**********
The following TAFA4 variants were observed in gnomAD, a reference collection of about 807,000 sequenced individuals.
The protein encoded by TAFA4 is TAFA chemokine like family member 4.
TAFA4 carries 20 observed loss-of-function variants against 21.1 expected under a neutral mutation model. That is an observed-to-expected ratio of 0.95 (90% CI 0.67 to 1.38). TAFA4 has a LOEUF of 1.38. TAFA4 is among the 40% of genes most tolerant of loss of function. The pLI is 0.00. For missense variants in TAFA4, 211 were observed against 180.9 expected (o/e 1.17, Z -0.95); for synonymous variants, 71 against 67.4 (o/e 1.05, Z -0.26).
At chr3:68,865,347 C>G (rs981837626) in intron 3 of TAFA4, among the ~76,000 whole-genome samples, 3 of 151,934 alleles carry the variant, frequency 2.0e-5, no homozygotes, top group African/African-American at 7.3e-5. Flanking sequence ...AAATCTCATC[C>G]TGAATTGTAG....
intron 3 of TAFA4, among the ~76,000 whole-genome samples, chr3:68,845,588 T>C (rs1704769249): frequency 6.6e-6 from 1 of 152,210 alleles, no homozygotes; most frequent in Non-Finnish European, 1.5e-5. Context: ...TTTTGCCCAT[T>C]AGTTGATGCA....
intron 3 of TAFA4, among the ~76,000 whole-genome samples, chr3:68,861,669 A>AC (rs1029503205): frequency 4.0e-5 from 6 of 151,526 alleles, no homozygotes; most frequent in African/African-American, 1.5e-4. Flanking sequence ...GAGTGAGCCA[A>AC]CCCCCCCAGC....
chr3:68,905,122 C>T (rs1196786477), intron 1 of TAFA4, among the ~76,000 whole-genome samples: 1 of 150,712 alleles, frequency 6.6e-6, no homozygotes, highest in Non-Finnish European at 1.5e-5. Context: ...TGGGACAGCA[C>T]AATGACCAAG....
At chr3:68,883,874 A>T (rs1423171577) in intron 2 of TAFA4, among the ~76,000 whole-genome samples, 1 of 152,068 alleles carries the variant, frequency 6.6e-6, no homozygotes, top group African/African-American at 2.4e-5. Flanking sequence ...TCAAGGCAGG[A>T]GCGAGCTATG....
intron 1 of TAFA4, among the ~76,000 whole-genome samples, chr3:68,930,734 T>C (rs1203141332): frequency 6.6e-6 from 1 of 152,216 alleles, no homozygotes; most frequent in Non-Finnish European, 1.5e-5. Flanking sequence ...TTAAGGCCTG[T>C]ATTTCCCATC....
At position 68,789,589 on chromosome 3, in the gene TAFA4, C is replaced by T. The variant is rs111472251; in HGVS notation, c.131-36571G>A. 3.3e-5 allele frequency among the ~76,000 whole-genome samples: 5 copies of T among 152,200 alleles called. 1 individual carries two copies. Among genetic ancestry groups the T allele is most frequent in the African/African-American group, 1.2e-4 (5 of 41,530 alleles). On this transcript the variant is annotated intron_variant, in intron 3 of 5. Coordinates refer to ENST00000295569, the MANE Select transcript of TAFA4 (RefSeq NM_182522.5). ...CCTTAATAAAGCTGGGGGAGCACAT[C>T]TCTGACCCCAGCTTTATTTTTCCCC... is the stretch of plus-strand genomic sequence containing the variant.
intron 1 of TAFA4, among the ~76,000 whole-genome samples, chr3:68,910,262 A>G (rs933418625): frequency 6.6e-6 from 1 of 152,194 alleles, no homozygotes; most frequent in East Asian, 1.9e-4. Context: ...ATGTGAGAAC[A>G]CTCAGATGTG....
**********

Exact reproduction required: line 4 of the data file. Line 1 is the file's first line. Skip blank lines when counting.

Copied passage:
At chr3:68,865,347 C>G (rs981837626) in intron 3 of TAFA4, among the ~76,000 whole-genome samples, 3 of 151,934 alleles carry the variant, frequency 2.0e-5, no homozygotes, top group African/African-American at 7.3e-5. Flanking sequence ...AAATCTCATC[C>G]TGAATTGTAG....